Late payments and poor cash flow management is forcing small businesses deeper into debt.
Small businesses in the UK and across Europe face an unequal financial proposition. On the one hand they are finding it more difficult to secure prompt payment from their clients, but on the other their own financial liabilities will not wait.
Despite legislation, the growing culture of late payments is storing up a debt crisis for SMEs. The question is: how will they force their way out of it? Many are turning to structures such as invoice finance to help with SME debt problems.
What is the UK’s small business debt crisis?
In recent years, the UK’s small business debt crisis has become increasingly evident. The number of small businesses struggling with late payments has risen sharply, and many are now finding it difficult to access credit. This is having a knock-on effect on the economy, as small businesses are forced to cut back on investment and growth.
The situation is exacerbated by the fact that many small businesses are unable to negotiate better terms with their suppliers. As a result, they are facing mounting pressure from all sides. The UK’s small business debt crisis is a complex problem, and one that is likely to have far-reaching consequences for the economy.
According to a recent study, the UK’s small businesses are facing a mounting debt crisis. The research, which was conducted by the Federation of Small Businesses (FSB), found that the average small business owes £33,000 in outstanding debts. This is a significant increase from the £20,000 owed by small businesses in 2012. The study also found that one in five small businesses are now in “significant” debt, owing more than £50,000. This is a cause for concern, as it could lead to a rise in business failures and job losses.
The FSB has called on the government to take action to help small businesses manage their debts. One suggestion is to provide more support for businesses that are struggling to make ends meet. In addition, the FSB has called for a review of the current insolvency laws, which could give small businesses more time to repay their debts. With the right support, small businesses can ensure that they remain financially stable and continue to contribute to the UK economy.
What could be done about the debt crisis?
The business debt crisis is a huge problem that needs to be addressed. Businesses have been borrowing money at an alarming rate, and the amount of debt they are carrying is becoming unmanageable. This has led to a number of businesses defaulting on their loans, which has in turn led to a decrease in the availability of credit. The situation is further complicated by the fact that many businesses are now struggling to make ends meet, and are only able to stay afloat by taking on more debt.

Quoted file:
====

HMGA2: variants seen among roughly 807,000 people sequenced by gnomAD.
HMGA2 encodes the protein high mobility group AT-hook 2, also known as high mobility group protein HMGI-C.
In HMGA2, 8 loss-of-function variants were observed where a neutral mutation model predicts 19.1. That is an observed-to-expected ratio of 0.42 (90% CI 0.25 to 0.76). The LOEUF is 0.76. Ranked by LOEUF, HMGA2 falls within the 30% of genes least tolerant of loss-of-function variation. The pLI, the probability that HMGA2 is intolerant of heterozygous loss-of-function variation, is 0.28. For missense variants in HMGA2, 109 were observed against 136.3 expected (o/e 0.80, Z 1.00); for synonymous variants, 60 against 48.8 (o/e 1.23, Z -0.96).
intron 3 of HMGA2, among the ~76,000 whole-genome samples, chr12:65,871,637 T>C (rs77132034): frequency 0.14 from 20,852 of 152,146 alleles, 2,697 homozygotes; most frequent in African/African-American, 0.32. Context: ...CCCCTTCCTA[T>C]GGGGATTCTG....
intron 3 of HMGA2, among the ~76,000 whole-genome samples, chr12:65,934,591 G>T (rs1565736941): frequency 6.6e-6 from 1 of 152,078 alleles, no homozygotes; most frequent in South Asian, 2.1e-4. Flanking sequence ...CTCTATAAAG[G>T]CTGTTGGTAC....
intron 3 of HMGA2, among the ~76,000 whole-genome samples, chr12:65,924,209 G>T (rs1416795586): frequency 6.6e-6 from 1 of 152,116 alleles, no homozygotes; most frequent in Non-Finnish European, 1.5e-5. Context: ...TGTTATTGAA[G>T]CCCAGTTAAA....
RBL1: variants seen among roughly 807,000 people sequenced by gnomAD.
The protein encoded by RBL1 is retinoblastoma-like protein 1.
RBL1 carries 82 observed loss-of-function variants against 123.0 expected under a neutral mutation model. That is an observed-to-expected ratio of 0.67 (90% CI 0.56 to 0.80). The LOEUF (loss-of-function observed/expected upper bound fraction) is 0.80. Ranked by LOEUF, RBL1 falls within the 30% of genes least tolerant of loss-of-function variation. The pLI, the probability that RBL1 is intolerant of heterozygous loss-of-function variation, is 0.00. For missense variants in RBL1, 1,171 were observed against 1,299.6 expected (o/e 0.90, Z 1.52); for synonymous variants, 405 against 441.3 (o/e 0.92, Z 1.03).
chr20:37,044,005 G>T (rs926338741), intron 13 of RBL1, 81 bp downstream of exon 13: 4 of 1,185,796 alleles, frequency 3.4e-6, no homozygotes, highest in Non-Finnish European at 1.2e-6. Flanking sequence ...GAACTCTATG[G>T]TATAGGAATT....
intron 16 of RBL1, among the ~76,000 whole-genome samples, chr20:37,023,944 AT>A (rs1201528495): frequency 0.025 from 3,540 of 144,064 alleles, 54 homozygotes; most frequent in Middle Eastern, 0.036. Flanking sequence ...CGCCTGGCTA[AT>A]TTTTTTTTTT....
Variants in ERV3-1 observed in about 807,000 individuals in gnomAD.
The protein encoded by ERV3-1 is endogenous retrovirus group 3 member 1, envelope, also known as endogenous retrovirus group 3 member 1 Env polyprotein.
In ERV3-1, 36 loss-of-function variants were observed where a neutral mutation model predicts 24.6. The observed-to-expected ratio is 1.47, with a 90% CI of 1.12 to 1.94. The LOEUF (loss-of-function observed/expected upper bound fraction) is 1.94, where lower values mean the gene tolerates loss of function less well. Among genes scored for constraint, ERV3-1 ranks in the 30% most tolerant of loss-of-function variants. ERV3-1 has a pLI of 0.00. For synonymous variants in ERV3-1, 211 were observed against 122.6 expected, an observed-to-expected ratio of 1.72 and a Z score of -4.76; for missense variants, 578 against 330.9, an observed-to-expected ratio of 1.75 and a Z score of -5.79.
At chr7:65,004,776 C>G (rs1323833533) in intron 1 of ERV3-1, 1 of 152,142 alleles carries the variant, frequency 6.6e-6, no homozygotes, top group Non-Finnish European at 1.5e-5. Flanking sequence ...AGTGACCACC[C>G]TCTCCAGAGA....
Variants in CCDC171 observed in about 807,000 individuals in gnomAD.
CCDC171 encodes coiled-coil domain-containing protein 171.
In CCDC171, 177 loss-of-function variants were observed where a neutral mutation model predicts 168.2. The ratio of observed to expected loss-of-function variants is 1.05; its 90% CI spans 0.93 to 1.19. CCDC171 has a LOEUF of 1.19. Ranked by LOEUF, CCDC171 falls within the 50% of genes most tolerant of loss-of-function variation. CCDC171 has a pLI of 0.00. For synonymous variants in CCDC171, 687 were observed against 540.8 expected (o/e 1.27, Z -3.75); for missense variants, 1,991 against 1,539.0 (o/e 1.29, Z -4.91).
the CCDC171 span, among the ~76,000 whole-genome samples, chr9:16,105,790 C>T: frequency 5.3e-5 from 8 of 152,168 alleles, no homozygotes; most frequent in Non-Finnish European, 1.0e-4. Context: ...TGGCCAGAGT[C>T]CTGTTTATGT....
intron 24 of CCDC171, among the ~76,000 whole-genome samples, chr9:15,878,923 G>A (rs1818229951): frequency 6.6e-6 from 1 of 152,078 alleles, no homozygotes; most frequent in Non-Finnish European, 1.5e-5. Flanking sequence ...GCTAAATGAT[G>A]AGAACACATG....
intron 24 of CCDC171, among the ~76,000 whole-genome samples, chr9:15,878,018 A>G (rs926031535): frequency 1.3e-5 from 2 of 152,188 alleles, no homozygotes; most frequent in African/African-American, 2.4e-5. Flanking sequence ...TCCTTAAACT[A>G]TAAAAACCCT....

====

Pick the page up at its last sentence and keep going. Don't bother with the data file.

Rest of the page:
There are a number of possible solutions to the business debt crisis. One option is for the government to provide financial assistance to businesses that are struggling to repay their loans. Another option is for the banking system to be reformed so that businesses are not able to take on more debt than they can realistically afford to repay. Finally, it may be necessary for businesses to restructure their operations in order to reduce their level of debt. Whichever solution is eventually chosen, it is clear that something needs to be done about the business debt crisis before it spirals out of control.
Governments view on business debt
The UK government has made it clear that they view the current business debt crisis as a serious issue. In a recent speech, Prime Minister Rishi Sunak said that businesses need to do more to reduce their debts and that the government is working with banks and other lenders to help them do so. She also said that the government is prepared to take further action if necessary. This includes providing support to businesses that are struggling to repay their debts, as well as working with creditors to restructure loans.
The government has also set up a task force to investigate the causes of the business debt crisis and to recommend solutions. It is clear that the UK government is taking this issue seriously and is committed to finding a way to help businesses reduce their debts.